Updated March 25 at 12:28am

BofA misses estimates as mortgage banking weighs on results


(Updated, 10:15 a.m.)

NEW YORK - Bank of America Corp. reported first-quarter profit that missed analysts’ estimates as lower mortgage banking income and higher legal costs slowed the firm’s turnaround. The shares dropped 3 percent in early trading.

Net income advanced to $2.62 billion, or 20 cents a share, from $653 million, or 3 cents, a year earlier, according to a statement today from the Charlotte, N.C.-based company. The consensus of 25 analysts surveyed by Bloomberg had predicted 23 cents a share.

CEO Brian T. Moynihan, 53, has sold more than $60 billion in assets, settled more than $40 billion in mortgage claims and repaired the bank’s balance sheet since taking over in 2010. He’s now focused on trimming $8 billion in annual expenses and adding revenue, which dropped 8.4 percent on an adjusted basis to $23.9 billion.

“It’s going to be very hard for these banks to generate revenue, and mortgage is continuing to shrink,” Chris Whalen, managing director at Carrington Investment Services LLC, an asset manager in Greenwich, Connecticut, said in an interview. “The regulatory environment for mortgage is so hostile.”

Mortgage banking

Lower mortgage banking income and declining gains from the sales of debt securities weighed on results, the bank said. The quarter included a $500 million settlement of claims tied to faulty home loans. Last year’s first-quarter profit was reduced by $4.8 billion in pretax-accounting charges.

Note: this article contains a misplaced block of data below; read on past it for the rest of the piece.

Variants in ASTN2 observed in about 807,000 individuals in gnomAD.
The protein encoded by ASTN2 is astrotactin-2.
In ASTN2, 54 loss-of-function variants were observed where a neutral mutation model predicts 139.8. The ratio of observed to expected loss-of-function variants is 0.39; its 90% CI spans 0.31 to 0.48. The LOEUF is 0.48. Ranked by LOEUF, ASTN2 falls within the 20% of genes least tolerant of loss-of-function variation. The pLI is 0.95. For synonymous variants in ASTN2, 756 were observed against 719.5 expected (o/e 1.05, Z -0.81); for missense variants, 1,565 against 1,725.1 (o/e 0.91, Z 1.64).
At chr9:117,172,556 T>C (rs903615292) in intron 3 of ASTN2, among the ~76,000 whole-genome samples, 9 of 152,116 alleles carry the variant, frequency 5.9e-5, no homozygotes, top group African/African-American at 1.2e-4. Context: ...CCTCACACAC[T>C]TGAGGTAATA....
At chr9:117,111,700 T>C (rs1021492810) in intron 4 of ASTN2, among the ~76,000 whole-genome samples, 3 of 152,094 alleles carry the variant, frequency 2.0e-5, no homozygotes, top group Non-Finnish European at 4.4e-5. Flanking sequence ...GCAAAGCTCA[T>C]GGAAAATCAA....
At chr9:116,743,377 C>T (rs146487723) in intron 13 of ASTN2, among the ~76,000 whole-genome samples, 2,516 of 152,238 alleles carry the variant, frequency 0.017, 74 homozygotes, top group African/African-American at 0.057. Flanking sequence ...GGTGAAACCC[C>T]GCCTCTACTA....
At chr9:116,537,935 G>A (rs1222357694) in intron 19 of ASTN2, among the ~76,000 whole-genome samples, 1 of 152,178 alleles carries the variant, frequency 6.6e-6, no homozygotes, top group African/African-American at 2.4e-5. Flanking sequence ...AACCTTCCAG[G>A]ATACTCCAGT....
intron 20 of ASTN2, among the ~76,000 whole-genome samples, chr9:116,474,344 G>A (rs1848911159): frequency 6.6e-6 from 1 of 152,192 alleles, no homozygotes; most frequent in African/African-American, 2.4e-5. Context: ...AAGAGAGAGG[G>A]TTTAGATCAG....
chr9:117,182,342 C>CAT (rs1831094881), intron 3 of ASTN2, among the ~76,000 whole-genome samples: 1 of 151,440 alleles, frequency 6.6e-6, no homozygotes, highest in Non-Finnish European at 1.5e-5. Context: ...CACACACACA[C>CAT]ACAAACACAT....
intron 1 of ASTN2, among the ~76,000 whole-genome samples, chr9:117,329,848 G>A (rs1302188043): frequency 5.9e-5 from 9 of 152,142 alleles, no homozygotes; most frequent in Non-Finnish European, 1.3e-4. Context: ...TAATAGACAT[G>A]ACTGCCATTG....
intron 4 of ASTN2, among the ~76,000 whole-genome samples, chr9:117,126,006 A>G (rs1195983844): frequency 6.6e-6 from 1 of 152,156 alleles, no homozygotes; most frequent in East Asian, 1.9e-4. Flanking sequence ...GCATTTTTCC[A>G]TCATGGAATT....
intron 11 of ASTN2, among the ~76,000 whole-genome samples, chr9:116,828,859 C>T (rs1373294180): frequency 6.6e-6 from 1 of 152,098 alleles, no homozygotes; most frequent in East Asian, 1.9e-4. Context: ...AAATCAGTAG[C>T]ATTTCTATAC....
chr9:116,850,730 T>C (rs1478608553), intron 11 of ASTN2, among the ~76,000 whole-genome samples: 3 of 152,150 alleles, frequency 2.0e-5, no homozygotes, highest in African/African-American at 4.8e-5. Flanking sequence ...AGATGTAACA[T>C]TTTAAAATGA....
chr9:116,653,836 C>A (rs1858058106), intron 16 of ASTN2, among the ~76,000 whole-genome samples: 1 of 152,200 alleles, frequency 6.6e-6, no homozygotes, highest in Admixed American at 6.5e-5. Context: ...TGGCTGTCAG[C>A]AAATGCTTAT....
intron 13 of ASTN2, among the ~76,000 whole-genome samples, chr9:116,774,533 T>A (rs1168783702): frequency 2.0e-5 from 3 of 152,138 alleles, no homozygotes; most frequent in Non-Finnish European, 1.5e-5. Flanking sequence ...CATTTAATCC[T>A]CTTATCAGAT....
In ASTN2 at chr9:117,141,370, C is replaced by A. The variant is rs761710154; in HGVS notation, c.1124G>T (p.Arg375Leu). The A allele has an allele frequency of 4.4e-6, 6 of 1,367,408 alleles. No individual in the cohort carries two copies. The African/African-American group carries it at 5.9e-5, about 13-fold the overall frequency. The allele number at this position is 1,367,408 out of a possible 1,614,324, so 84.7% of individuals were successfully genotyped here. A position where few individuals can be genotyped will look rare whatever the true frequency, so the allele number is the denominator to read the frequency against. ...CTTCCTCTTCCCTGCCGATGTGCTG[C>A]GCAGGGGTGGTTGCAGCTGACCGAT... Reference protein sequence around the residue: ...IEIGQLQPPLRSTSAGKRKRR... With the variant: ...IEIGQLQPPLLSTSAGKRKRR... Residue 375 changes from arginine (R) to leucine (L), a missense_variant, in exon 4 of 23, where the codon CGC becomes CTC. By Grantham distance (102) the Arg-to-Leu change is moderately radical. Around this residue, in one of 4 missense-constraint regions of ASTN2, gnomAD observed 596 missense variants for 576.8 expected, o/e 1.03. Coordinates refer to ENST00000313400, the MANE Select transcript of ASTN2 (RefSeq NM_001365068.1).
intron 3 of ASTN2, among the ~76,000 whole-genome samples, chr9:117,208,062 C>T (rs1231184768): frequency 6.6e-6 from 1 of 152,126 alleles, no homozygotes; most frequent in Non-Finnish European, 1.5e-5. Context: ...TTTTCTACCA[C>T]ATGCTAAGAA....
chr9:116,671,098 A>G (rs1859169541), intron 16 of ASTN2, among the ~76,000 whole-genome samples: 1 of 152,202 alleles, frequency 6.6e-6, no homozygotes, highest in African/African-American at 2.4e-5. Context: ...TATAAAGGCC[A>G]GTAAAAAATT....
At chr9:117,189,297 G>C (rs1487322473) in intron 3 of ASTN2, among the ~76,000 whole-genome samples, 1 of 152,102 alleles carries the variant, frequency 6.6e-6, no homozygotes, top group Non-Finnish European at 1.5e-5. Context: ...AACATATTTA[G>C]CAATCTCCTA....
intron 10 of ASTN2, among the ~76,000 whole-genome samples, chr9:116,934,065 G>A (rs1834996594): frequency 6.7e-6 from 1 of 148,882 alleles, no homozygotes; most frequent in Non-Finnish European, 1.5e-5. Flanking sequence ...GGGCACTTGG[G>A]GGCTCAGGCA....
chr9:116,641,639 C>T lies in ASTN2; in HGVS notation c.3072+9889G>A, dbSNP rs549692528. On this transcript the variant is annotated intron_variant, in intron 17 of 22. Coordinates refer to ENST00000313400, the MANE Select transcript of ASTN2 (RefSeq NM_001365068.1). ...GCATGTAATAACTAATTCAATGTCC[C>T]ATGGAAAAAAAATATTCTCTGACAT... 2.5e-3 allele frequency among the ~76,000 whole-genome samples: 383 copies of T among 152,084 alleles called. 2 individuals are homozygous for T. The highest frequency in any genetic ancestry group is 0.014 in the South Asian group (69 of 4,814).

The net loss at consumer real estate services widened in this year’s quarter to $1.31 billion from $1.14 billion a year earlier. Adjusted revenue slipped at the unit while noninterest expenses climbed 4.5 percent to $4.06 billion and margins narrowed, the bank said.

Profit from global banking slipped 15 percent to $1.34 billion as the provision for credit losses increased. In the markets division, income fell 20 percent to $1.39 billion excluding the impact of accounting charges.

“As they’re fighting back the losses, they’re doing a good job,” said Marty Mosby, an analyst at Guggenheim Securities LLC in Memphis, Tennessee, who has a buy rating on Bank of America’s shares. “What’s becoming more apparent is that the core earnings power is still under pressure.” Mosby’s firm manages assets that include Bank of America stock.

Shares react

Bank of America slipped to $11.91 at 8:24 a.m. in New York. After leading the Dow Jones Industrial Average in 2012, the stock is trailing broad market benchmarks and most of its peers this year. The firm’s 5.8 percent advance through yesterday to $12.28 a share compares with 13 percent for the Dow and 8.5 percent for the 24-company KBW Bank Index.

The bank was the last of the four biggest U.S. lenders to report results. JPMorgan Chase & Co., the largest U.S. bank, said earnings rose 33 percent to a record as credit quality improved. Wells Fargo & Co.’s record income increased 22 percent aided by cost cuts and Citigroup Inc. posted a 30 percent rise as results from fixed-income trading and investment banking beat estimates.

Moynihan has spent his tenure as CEO cleaning up financial, legal and regulatory quagmires inherited when he was promoted to the top job in 2010. Slimming the firm has meant letting Bank of America fall out of first place among its peers in terms of assets and workforce, and the asset sales put more pressure on revenue, which has been hurt by sluggish borrowing.

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